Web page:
NIU mourns passing of Francis Stroup

Former men's swimming coach penned lyrics to Huskie Fight Song

Francis Stroup (left) and longtime colleague and friend J. Hubert Dunn visited Altgeld Hall in September.

Francis Stroup (left) and longtime colleague and friend J. Hubert Dunn visited Altgeld Hall in September.

Near the end of his annual State of the University Address in 2009, NIU President John Peters caused his Altgeld Hall audience to erupt with several minutes of thunderous applause and cheers.

All it took was the introduction of a man seated humbly in the front row – a man whom the president called “a person we hold dear in our NIU family and in our history.”

“Francis Stroup was a member of our faculty and also served as the men’s swimming coach for many years. He led the Huskies to 13 NCAA College Division Championships,” Peters told the audience.

“Being the loyal Huskie that he was, in 1960 Francis responded to an appeal from the student newspaper to write new lyrics for what was apparently a less-than-inspiring Huskie Fight Song. In 1961, the new song was adopted, and the rest is history,” the president added. “For 45 years, in good times and bad, we have been sustained by his words: ‘Forward, together forward.’ ”

Stroup, who had turned 100 that week, died Wednesday, Dec. 1. He was 101.

He and his late wife, Marjorie, came to NIU in 1959 when he accepted a position as a physical education professor. A year later, he became the first coach of the new men’s swimming team.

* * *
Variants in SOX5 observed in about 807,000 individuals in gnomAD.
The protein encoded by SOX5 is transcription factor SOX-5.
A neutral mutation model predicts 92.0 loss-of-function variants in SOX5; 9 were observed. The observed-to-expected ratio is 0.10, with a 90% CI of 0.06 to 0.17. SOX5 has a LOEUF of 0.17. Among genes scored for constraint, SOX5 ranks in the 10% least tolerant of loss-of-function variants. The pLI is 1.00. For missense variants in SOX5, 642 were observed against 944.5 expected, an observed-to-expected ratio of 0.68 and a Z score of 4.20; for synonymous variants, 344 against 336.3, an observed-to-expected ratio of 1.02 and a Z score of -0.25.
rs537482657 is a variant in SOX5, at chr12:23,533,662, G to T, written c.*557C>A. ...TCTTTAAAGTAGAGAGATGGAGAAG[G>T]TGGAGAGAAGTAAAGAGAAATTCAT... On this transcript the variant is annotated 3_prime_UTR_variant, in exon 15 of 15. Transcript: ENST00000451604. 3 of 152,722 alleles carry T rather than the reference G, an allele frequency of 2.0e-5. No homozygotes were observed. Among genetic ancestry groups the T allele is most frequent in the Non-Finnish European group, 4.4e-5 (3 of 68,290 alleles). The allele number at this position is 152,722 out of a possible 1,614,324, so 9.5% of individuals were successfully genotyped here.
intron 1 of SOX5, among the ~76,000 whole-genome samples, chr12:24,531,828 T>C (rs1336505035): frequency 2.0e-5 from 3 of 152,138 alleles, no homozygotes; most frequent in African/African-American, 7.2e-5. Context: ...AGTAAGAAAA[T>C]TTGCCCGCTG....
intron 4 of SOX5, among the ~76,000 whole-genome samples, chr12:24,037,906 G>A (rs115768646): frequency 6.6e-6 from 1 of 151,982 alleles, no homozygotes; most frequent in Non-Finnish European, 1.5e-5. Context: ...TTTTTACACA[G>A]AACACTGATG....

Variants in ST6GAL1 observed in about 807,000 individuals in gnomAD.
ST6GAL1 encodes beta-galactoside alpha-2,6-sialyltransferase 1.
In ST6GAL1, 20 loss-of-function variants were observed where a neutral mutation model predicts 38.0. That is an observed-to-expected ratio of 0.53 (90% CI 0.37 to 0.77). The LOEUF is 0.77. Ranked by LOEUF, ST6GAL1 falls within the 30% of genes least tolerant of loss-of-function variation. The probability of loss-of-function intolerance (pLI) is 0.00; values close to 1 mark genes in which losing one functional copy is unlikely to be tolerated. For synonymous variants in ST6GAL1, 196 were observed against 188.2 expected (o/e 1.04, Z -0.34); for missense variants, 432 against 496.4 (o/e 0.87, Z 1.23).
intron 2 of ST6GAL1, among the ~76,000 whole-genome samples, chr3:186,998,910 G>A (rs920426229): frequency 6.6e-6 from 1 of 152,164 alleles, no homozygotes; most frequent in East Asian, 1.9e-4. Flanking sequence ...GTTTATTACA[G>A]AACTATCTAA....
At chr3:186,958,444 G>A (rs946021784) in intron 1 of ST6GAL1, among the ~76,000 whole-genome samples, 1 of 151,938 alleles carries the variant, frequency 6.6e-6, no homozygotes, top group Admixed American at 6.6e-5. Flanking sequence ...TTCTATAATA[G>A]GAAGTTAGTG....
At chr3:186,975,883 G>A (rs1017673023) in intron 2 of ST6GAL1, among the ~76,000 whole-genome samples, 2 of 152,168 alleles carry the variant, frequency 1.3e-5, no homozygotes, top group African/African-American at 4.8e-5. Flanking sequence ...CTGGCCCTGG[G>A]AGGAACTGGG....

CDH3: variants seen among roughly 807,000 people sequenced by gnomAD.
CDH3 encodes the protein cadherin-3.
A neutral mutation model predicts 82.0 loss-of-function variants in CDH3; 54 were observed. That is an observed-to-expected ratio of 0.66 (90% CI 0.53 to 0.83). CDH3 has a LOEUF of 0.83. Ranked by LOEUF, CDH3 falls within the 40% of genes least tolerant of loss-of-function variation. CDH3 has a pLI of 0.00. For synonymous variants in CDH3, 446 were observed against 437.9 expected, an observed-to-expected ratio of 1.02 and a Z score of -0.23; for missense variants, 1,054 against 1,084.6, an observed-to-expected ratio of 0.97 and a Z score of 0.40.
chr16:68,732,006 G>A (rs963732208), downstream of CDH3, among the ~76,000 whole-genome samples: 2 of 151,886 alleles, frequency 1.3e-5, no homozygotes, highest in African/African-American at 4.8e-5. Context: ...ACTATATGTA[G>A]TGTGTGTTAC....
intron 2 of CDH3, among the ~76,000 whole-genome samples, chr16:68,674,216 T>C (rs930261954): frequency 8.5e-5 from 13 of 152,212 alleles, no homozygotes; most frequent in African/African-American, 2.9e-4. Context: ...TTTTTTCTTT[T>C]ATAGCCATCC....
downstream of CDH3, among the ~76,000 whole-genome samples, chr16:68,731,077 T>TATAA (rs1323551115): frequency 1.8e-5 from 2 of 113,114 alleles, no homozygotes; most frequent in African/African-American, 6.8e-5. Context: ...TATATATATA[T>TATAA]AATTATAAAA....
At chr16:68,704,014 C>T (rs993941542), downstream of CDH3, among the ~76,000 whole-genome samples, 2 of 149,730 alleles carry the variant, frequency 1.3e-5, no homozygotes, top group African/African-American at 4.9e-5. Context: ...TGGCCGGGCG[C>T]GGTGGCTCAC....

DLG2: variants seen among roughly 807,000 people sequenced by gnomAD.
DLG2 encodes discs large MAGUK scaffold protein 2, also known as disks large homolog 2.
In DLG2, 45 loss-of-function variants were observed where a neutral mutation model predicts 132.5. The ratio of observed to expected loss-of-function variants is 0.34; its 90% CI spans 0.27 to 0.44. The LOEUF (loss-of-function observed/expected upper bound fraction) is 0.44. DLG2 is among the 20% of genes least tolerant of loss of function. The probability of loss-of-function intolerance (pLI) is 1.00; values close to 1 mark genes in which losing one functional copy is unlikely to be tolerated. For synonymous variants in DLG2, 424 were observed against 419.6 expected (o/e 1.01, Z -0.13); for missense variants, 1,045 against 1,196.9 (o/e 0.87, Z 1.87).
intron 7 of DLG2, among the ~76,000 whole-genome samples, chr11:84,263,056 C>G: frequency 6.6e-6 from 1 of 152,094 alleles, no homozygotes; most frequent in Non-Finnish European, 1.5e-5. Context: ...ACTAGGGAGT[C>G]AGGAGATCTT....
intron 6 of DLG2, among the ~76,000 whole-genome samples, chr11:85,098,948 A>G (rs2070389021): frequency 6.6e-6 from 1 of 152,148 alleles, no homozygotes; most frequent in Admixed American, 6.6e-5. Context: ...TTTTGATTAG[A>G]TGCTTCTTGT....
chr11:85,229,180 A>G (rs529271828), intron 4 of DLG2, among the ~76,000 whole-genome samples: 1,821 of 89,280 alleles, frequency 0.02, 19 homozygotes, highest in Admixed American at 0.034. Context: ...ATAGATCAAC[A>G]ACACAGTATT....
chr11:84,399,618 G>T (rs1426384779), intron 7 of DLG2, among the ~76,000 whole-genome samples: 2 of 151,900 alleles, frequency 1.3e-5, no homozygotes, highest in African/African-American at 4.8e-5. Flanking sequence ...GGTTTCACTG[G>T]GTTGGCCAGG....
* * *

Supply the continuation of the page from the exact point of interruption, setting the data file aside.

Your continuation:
During his coaching career in DeKalb, Stroup went 32-32 in dual meets and won two Interstate Intercollegiate Athletic Conferences. In the 1964-1965 season, the native of Holliday, Texas, qualified nine swimmers for the NCAAs and also had a 400-meter freestyle relay team that placed third in the nation.

By the time he retired from NIU in 1974, he had enjoyed a teaching career that lasted 45 years as a public school teacher, an academic instructor in the U.S. Air Force and a college professor.

While at Southern State, he directed studies funded by the Ford Foundation and the U.S. Department of Education. Stroup was the author of two books and wrote a number of articles for professional journals.

He was inducted in the Athletic Hall of Fame at NIU and at his alma mater, the University of North Texas, where he also wrote the fight song.

Stroup graduated in 1929 from North Texas in 1929, where he lettered in basketball, ran track and played football. His songwriting career – he composed about 100 during his lifetime – began in Golden, Texas, where he took his first teaching job.

“You’ve heard the story of the town so small they have to roll the sidewalks in at night? This town didn’t have any walks,” Stroup told the North Texan in 2008. “The lady I stayed with had a piano. Since I couldn’t read music, and there was no radio, I had to make up my own songs to amuse myself.”

After moving to Denton, Texas, he penned “Fight, North Texas” in 1939 as an entry into a contest for a new marching song. By applying new words to an old melody of his, he created what would become his most-performed work.

Stroup went on to compose songs for Drake University, the University of Wyoming and the University of Chicago. In 2000, the Huskie Fight Song was named one of the Top 25 fight songs in an ESPN national poll.

His songwriting formula? “Good songs must be easy to say, easy to sing and easy to remember.”

When “Forward, Together Forward” became the source of NIU’s strength after Feb. 14, 2008, he was touched. “You never know how your words might help someone,” he told the North Texan.

Funeral arrangements are pending.

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